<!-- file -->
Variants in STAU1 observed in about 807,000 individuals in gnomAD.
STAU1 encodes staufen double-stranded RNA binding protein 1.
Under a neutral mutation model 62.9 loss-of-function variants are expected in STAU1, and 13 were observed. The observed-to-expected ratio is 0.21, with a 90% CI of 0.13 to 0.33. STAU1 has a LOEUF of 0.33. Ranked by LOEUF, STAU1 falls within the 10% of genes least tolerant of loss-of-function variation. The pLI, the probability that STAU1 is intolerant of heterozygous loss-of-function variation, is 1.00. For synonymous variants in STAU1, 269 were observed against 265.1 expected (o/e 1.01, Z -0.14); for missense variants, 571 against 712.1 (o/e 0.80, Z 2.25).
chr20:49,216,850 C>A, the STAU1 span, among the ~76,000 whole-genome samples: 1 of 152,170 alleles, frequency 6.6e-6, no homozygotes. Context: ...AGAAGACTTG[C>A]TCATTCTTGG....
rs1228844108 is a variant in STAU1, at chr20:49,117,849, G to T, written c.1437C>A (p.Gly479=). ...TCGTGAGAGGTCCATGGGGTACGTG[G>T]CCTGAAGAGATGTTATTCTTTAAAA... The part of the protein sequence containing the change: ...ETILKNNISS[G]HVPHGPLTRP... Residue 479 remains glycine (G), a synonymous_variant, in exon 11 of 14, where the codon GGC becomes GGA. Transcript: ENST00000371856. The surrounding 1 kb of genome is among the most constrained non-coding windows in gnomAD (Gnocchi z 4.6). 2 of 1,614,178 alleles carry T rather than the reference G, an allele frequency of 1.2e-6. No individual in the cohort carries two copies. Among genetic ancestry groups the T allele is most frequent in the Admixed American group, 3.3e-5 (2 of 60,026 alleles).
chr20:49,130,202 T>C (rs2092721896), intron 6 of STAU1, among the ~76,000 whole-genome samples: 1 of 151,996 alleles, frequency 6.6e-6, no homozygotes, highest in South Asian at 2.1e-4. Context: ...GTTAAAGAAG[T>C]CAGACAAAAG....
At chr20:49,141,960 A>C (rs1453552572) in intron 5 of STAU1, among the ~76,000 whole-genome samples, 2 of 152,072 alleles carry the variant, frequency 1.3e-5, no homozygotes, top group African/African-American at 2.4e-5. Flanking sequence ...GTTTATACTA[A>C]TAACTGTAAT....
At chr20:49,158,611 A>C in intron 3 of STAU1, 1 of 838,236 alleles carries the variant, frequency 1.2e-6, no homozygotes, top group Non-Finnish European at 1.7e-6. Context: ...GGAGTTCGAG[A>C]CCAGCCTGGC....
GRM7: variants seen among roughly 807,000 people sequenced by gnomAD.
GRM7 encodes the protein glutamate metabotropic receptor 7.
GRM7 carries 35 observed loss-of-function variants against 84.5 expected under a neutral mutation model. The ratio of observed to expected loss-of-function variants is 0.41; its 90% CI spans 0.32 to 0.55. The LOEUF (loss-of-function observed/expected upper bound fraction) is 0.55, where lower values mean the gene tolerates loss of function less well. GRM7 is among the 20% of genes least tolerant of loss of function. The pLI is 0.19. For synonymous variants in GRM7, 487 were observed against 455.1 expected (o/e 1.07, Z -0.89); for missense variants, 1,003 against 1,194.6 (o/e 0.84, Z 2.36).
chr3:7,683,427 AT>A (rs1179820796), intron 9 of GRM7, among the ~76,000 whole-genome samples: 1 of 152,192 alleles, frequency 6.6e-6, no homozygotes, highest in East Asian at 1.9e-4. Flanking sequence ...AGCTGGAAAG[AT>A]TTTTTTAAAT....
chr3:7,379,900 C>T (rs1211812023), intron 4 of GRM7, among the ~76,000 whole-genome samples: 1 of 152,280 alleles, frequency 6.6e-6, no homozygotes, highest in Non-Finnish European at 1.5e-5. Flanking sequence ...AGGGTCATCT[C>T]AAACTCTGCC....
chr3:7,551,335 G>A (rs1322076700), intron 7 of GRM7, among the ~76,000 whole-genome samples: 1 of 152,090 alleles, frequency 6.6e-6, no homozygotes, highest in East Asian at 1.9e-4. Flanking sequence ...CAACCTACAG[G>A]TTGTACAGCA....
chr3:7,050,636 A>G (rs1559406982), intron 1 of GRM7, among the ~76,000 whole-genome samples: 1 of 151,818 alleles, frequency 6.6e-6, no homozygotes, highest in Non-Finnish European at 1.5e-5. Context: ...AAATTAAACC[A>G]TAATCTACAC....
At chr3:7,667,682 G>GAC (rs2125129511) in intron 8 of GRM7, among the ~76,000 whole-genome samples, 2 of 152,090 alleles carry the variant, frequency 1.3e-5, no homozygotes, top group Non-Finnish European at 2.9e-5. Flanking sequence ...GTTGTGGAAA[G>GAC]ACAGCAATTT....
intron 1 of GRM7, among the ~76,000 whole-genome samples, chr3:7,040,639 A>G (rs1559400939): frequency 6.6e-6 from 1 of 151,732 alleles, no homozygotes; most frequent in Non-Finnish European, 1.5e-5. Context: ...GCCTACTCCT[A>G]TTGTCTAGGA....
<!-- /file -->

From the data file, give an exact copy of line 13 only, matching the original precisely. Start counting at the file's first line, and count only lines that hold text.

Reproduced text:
chr3:7,379,900 C>T (rs1211812023), intron 4 of GRM7, among the ~76,000 whole-genome samples: 1 of 152,280 alleles, frequency 6.6e-6, no homozygotes, highest in Non-Finnish European at 1.5e-5. Flanking sequence ...AGGGTCATCT[C>T]AAACTCTGCC....